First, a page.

Dennis Anderson
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In a career spanning nearly four decades, University of Minnesota professor Peter Sorensen has researched invasive fish from Australia to the Great Lakes. For the past five years, he's focused on Lock and Dam 5 in the Mississippi and believes the lock there is an ideal location to install a deterrent to keep silver and other invasive carp out of Lake Pepin and the St. Croix River, among other Minnesota waters. In the interview below, Sorensen says the need for the deterrent is urgent, and that not installing one is "environmentally irresponsible."

Q The DNR's recently released carp plan says installation of a deterrent at Lock and Dam 5 — if the agency ultimately agrees one is needed — could safely wait until 2028. Do you agree?

A Absolutely not. If you look at the time frame in which silver carp have moved upstream in the Mississippi, you can reasonably estimate they will be past Lock and Dam 5 in five years and perhaps less. My view is we should start installation as soon as possible.

Q How long would installation take?

A Including Army Corps of Engineers permitting, as much as five years, but hopefully only two or three years. Construction can only occur in winter, when the lock is shut. So even if we start later this year, we're cutting it extremely close. The appropriation given the DNR last year, $1.7 million, was intended to get an engineering study done, or at least started, which is the predecessor action to working with the Army Corps of Engineers for a permit. But the DNR hasn't yet contracted with an engineering company. In the end, if you know a train is coming toward you and you can accurately estimate its speed, your two choices are stopping the train — in this case by building a deterrent — or jumping off the track. That's where we're at.

Q The DNR talks about the importance of installing a deterrent at Lock and Dam 19 in Iowa. Assuming that could get done at some point, and none is planned at this time, would it be a viable substitute for a Lock and Dam 5 deterrent?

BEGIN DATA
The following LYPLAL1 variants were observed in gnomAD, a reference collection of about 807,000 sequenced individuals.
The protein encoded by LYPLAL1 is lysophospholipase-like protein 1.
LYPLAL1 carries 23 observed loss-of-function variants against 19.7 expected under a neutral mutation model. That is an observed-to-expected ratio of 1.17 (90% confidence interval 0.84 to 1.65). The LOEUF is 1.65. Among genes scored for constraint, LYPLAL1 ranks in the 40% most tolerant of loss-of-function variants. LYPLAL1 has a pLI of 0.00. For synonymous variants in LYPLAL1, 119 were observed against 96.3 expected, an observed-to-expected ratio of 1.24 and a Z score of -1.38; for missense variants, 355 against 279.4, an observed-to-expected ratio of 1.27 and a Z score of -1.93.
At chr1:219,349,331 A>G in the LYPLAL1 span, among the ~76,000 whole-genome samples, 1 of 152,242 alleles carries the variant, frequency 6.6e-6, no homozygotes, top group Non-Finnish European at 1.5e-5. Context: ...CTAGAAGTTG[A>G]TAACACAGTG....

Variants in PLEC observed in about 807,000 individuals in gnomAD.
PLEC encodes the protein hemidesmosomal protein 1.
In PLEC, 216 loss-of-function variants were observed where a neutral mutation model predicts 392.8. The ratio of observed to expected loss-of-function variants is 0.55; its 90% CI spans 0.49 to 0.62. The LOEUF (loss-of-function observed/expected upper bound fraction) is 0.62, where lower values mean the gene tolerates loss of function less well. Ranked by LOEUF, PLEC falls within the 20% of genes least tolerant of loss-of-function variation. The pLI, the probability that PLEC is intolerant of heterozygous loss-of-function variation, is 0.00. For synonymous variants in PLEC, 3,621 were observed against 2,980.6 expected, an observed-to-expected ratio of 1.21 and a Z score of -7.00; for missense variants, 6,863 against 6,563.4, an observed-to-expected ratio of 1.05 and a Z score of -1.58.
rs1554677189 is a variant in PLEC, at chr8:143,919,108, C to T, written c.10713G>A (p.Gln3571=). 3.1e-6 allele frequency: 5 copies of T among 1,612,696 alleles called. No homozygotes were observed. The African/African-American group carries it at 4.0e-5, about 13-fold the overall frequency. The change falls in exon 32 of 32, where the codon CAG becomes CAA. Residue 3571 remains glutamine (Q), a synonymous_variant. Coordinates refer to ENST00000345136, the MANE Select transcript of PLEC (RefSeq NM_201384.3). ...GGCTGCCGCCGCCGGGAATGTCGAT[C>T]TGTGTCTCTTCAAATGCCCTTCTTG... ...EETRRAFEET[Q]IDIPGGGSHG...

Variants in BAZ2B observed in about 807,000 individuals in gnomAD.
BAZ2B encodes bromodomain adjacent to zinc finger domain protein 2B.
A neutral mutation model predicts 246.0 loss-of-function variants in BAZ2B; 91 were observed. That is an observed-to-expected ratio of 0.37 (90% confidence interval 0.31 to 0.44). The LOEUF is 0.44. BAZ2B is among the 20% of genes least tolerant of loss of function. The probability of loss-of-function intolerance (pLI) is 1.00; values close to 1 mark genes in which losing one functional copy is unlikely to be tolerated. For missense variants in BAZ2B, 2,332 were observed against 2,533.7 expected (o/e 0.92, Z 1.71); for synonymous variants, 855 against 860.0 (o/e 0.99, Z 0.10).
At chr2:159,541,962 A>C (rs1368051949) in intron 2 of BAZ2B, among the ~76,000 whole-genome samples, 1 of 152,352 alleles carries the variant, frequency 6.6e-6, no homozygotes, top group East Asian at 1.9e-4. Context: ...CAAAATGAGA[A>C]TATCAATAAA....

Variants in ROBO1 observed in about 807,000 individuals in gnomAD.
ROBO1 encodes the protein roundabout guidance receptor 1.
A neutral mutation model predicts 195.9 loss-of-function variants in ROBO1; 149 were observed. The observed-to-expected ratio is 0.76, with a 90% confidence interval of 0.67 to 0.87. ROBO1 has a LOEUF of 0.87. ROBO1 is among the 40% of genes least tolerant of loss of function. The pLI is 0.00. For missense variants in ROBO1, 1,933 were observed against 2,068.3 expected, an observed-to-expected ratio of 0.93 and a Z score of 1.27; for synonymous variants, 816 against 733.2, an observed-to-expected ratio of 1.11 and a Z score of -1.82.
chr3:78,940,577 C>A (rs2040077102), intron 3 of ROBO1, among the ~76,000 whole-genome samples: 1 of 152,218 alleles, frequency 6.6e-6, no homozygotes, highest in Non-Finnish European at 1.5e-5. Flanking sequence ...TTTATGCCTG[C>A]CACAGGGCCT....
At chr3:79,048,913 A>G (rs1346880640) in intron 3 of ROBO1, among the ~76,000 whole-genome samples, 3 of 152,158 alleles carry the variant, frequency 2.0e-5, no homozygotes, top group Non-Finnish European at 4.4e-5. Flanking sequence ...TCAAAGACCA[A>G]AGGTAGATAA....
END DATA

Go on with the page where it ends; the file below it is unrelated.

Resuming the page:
A The U.S. Geological Survey has an experimental deterrent at 19, and if a permanent deterrent like it could be installed there that would be great, particularly for snakeheads and other invasives which, we think, are not yet north of there. But invasive carp are already breeding north of 19. So while placing a deterrent at 19 makes sense, and perhaps Iowa, Wisconsin and the federal government would help pay for it, regarding Minnesota and the possibility of invasive carp in Lake Pepin and the St. Croix, that horse has left the barn. Invasive carp are already breeding north of 19.

Q The Lock and Dam 5 deterrent cost estimate last year was $15 million to $17 million. This year the ask has dropped significantly. What's your current estimate of a Lock and Dam 5 deterrent cost?

A The installation company has given us new estimates, which are $6 million to $8 million and possibly less. Last year's estimates were based on the assumption the DNR would have no role in running it; the deterrent instead would be automated and operated remotely by the company that installed it. If we assume a minimal role for the DNR, the costs could be cut considerably. All of this is premised on getting the engineering plan done, which should have been done by now.

Q The DNR has said it wanted to complete its almost yearlong "structured decision-making process," for which it paid more than $70,000, before it contracted for a deterrent engineering report. Could both have been done concurrently?

A Absolutely. My lab has a research project at Lock and Dam 5, and we got the whole shooting match done in nine months. You just hire an engineering company to do the work. Locally, Barr Engineering had a big role in installing a similar deterrent in Kentucky, and I think it would take them only a few months to do the required 60 percent design and engineering study. It's frustrating, frankly, that the DNR to this point hasn't got it done.

Q Some have argued a deterrent would only be 50 percent effective.

A That's incorrect. I describe it this way. I live in an old house, and every winter, mice try to come in. So we combine a bunch of strategies to keep them out. Fill holes, traps, etc. It's the same here. The deterrent would be the keystone, but other deterrents, such as the trapping and netting of carp the DNR is now doing, would work in combination. All deterrents together would be in the high 90 percent-effectiveness range.

Q In the last legislative session, DNR assistant commissioner Bob Meier, acting on behalf of Commissioner Sarah Strommen, told legislators not to approve a Lock and Dam 5 deterrent. Gov. Tim Walz also has been AWOL on the issue, and Friends of the Mississippi River and other conservation groups say a top aide of his canceled a meeting Monday with them where they intended to ask for the governor's support. Why do you think the agency and Walz haven't supported building a deterrent, at least so far?

A I have no idea. But it's got nothing to do with science, I can tell you that. You can estimate when the fish will be farther north, which we've done. Add in the economic, recreational and biologic valuations of the Lake Pepin, Mississippi and St. Croix river ecosystems and the damage that would be done to them, which would be incalculable and irreversible, and you make a reasoned decision. Doing nothing, in my view, is environmentally irresponsible.